Tenebrae is a professional chamber choir from Great Britain, founded by Nigel Short and Barbara Pollock. Often performing by candlelight, the choir creates an atmosphere of spiritual and musical reflection, where medieval chant and renaissance works are interspersed with contemporary compositions to create an ethereal mood of contemplation. Its members are drawn from the ranks of many distinguished choirs: the Monteverdi Choir, the choirs of Westminster Abbey and Cathedral, and King’s College Cambridge. Many of Tenebrae’s singers have worked with leading vocal groups, including I Fagiolini, Tallis Scholars, Swingle Singers and The King’s Singers. Contributing to the dramatic qualities of Tenebrae’s performing style are singers from Britain’s two major opera houses, Covent Garden and English National Opera.

Friday, November 2, 2012

New Poll

We just wanted to call your attention to the first poll posted on the TLM Friends blog. The poll question is simply: How do you find out about updates to the Cleveland TLM Friends blog?

The reason for this poll is because of feedback we have received recently. It seems that some, perhaps many, simply wait for new posts to be delivered to their email through the blog subscription service. Unfortunately, we have received feedback that not all blog posts arrive in a timely fashion or even at all. For example, the Oct 31 post concerning the Solemnity of All Saints still hasn't arrived in email, but is actively on the blog. The point is that if you only wait for email subscription updates, you may never get them, or you will get them late. We are not sure how to resolve this issue.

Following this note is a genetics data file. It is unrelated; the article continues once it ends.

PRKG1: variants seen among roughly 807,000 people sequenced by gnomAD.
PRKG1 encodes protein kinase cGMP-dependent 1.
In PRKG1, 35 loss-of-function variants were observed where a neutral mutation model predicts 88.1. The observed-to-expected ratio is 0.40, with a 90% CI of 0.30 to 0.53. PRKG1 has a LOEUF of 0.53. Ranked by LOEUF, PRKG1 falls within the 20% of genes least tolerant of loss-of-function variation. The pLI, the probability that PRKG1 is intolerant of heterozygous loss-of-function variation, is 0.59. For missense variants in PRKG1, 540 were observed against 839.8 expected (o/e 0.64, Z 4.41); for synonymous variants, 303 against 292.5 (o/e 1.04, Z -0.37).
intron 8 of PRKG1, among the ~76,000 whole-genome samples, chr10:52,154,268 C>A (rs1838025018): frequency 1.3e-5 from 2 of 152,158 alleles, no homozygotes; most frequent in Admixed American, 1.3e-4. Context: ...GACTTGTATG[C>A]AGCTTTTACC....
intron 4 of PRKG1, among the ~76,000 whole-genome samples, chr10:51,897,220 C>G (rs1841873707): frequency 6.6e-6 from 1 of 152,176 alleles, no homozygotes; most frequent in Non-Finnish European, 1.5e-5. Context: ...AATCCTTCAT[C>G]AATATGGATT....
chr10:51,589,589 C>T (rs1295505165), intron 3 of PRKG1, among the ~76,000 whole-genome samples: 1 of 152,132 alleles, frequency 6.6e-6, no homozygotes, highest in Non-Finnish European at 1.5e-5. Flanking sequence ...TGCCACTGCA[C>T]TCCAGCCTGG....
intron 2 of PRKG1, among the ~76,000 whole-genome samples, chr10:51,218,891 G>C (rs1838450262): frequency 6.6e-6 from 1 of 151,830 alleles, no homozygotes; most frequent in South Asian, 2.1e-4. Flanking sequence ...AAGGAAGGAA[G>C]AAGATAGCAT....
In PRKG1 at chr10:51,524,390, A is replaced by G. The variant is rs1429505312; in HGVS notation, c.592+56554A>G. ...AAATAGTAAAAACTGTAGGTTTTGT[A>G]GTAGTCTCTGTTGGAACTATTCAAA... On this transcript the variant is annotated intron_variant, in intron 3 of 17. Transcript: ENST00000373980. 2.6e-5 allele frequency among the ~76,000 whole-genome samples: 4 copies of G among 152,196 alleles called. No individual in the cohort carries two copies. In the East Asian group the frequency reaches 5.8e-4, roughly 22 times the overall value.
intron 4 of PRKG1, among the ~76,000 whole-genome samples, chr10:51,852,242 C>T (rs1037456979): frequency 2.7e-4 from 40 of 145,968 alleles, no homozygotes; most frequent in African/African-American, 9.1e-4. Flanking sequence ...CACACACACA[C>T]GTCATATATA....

On the other hand, we have received feedback that some readers of the blog regularly check it. This is perhaps the best way to stay up to date with any blog posts.

As always, we encourage readers to send us feedback.

The poll can be found in the right hand column, and will run throughout November, if you are interested in participating.

Requiem Aeternam Dona Eis Domine